Joe Donahue

Vice President, News and Programming

Joe talks to people on the radio for a living. In addition to countless impressive human "gets" - he has talked to a lot of Muppets. Joe grew up in Philadelphia, has been on the area airwaves for more than 25 years and currently lives in Washington County, NY with his wife, Kelly, and their dog, Brady. And yes, he reads every single book. 

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The Roundtable
9:35 am
Fri March 1, 2013

"Fellow Mortals" by Dennis Mahoney

    Dennis Mahoney’s debut novel, Fellow Mortals: A Novel, is about mailman Henry Cooper who lights a cigar and tosses away the match, accidentally sparking a fire that turns deadly. The story focuses on Henry as he tries to make things right.

Fellow Mortals is Mahoney's first published novel. He will read from the book tonight in an event at St. Rose College in Albany, NY.

The Roundtable
10:10 am
Thu February 28, 2013

My Name Is Jody Williams: A Vermont Girl's Winding Path to the Nobel Peace Prize

   From her modest beginnings to becoming the tenth woman--and third American woman--to receive the Nobel Peace Prize, Jody Williams is here to describe the ups and downs of her tumultuous and remarkable life.

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Arts & Culture
9:45 am
Thu February 28, 2013

Len Cariou at Helsinki on Broadway

  Len Cariou will be celebrating fifty years in show business at Helsinki Hudson on March 10th with a recollection of great stories and songs he has sung during his illustrious career on the Great White Way.

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The Roundtable
11:45 am
Wed February 27, 2013

Phillip Lopate

Credit Sally Gall

    Phillip Lopate is the author of countless books and the editor of a number of anthologies on various topics: he's a fiction writer, an essayist, a memoirist, a movie critic, and more.

Now, Free Press releases two new books: To Show and To Tell, a guide to the craft of literary non-fiction and Portrait Inside My Head, a new collection of personal essays that stretch back to his childhood in Brooklyn through marriage, parenthood, and sibling rivalry with Leonard Lopate.

Arts & Culture
11:35 am
Wed February 27, 2013

The Berkshire Festival of Women Writers 2013

    The Berkshire Festival of Women Writers is a month-long festival of women writers. We get a preview of all the events including panels, readings, lectures, and networking events.

A myriad of voices will be celebrated during the festival, including published playwrights; poets and novelists; bloggers; non-native speakers learning to write expressively in English and emerging writers. Panel discussions will be led by publishers, literary agents, social media strategists and other experts in the creative writing field.

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Arts & Culture
11:12 am
Wed February 27, 2013

Jacob’s Pillow Dance and MASS MoCA co-present Les Ballets Jazz de Montréal

    This weekend, Jacob’s Pillow Dance and MASS MoCA co-present world-renowned contemporary ballet ensemble Les Ballets Jazz de Montréal at MASS MoCA’s Hunter Center.

The Montréal-based dance company blends a variety of dance styles, influences, and music in three diverse works by prominent, international choreographers.

This co-presentation coincides with the final month of MASS MoCA’s Oh, Canada exhibit, the largest survey of Canadian contemporary art ever produced outside of Canada.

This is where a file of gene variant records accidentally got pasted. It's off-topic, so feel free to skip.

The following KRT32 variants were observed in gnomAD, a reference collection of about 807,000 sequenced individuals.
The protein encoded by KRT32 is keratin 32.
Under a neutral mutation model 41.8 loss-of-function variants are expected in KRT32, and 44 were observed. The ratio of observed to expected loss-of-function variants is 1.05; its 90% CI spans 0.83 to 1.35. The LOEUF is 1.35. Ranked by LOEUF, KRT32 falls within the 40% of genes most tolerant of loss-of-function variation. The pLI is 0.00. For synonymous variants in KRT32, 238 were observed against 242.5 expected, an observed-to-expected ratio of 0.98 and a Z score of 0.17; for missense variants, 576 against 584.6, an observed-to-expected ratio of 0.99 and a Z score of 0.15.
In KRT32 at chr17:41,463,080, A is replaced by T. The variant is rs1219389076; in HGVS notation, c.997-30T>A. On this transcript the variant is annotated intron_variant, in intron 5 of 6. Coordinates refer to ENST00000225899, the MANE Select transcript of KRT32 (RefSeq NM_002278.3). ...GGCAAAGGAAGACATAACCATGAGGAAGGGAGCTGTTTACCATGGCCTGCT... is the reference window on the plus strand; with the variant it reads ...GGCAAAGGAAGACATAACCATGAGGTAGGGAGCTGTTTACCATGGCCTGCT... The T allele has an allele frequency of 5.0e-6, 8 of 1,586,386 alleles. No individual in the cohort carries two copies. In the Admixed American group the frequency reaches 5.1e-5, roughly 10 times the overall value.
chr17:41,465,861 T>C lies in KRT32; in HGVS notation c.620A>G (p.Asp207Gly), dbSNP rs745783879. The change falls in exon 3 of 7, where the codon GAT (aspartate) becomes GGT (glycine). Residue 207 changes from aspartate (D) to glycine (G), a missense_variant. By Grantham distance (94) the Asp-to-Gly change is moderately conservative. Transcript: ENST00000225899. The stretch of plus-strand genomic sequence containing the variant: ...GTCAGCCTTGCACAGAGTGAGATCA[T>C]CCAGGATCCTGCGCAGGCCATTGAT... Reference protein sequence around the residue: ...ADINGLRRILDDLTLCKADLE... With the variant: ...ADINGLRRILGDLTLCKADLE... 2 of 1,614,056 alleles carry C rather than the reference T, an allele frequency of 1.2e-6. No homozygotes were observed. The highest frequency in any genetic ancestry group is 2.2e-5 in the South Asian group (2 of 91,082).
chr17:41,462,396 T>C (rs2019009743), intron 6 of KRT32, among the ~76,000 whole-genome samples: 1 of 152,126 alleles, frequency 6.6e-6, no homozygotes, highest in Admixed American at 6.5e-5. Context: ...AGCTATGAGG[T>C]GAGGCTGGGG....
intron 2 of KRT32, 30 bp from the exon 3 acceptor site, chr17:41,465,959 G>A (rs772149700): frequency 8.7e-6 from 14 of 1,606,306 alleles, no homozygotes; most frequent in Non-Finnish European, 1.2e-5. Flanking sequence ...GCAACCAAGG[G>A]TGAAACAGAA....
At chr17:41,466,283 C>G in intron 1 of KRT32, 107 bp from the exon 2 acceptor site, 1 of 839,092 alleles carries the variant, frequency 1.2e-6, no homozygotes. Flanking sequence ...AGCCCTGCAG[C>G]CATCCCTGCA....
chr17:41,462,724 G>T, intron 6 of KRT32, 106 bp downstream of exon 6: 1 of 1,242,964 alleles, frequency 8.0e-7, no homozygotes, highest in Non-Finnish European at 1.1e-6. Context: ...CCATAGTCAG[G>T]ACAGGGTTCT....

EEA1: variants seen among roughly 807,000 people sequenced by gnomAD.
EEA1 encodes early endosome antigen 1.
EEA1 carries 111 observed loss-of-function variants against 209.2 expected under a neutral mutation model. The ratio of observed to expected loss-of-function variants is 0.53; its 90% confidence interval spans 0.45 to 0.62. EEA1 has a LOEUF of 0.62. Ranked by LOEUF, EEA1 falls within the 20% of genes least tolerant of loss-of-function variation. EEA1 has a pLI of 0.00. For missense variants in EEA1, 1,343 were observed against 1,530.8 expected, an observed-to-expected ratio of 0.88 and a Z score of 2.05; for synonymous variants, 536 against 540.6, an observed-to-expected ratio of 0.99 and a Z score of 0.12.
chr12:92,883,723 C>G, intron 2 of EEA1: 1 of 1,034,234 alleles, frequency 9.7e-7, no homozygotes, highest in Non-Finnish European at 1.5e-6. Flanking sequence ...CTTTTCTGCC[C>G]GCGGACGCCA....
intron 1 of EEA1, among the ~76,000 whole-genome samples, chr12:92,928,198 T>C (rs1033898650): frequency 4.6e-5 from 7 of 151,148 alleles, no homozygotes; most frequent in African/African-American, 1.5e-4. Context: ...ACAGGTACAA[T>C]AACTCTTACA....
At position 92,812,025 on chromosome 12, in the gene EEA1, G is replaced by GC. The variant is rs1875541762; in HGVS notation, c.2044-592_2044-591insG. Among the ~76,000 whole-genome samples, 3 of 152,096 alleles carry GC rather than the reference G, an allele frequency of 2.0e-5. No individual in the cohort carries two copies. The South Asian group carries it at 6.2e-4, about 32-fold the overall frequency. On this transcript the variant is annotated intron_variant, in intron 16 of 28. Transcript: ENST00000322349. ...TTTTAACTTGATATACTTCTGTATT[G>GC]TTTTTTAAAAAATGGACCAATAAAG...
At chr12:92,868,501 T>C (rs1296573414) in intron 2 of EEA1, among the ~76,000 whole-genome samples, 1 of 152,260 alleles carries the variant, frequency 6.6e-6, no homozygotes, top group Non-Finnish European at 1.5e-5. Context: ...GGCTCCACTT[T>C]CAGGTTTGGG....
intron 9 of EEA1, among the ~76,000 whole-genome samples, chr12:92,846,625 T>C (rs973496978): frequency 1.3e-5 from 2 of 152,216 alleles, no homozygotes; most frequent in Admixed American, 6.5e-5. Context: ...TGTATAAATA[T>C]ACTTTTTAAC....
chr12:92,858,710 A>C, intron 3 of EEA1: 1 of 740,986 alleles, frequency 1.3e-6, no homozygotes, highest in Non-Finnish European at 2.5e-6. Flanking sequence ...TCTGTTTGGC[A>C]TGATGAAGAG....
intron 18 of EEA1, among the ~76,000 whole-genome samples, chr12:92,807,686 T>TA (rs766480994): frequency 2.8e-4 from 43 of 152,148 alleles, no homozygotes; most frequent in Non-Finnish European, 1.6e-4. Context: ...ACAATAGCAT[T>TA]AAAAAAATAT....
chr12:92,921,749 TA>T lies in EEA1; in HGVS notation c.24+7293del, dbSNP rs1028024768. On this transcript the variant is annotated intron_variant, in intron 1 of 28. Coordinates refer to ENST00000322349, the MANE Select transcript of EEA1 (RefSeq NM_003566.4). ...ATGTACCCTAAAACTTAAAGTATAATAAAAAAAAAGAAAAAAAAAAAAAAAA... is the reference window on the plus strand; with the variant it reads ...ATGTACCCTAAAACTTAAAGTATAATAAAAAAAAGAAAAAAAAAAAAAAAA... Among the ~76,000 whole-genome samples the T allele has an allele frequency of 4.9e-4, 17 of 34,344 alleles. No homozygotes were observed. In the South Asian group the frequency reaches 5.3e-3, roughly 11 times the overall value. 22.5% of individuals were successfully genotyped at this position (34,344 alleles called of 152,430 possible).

Ella Baff, Jacob’s Pillow Executive and Artistic Director, and Sue Killam, Director of Performing Arts at MASS MoCA, join us to tell us more.

Arts & Culture
10:35 am
Wed February 27, 2013

“No Further Instructions” at the Arthur Zankel Music Center

   “No Further Instructions,” a performance by Howard Fishman with New York Times travel journalist and photographer Michael Benanav, gets under way at 8-PM Friday in the Arthur Zankel Music Center at Skidmore College. Howard will also perform at the Hudson Opera House on the 2nd, at The Falcon on the 3rd.

The program combines original music, historical memoir, storytelling and compelling photography to share the duo’s exploits and experiences as American Jews in rural Romania.

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WAMC Programs
3:06 pm
Tue February 26, 2013

The Book Show #1284 - Tracy Kidder and Richard Todd

    In 1973 in the offices of The Atlantic Monthly in Boston, a young freelance writer named Tracy Kidder came looking for an assignment. Richard Todd was the editor that encouraged him.

After much success they have written the new book, Good Prose: The Art of Nonfiction, which explores three major non-fiction forms: narratives, essays, and memoirs.

The Roundtable
11:35 am
Tue February 26, 2013

"With or Without You" by Domenica Ruta

Domenica Ruta grew up in a working-class, Italian town north of Boston. Her mother, Kathi, a notorious figure in this place, was a drug addict and sometime dealer whose life swung between welfare and riches, whose highbrow taste was at odds with her base appetites.

With or Without You: A Memoir is the story of Domenica Ruta’s unconventional coming of age—a darkly hilarious chronicle of a misfit ’90s childhood and the necessary and painful act of breaking away, and of overcoming her own addictions and demons in the process.

The Roundtable
11:12 am
Tue February 26, 2013

"The Age of Edison: Electric Light and the Invention of Modern America" by Ernest Freeberg

    The late nineteenth century was a period of explosive technological creativity, but arguably the most important invention of all was Thomas Edison’s incandescent light-bulb.

The light bulb became a catalyst for the nation’s transformation from a rural to an urban-dominated culture. City streetlights defined zones between rich and poor, and the electrical grid sharpened the line between town and country.

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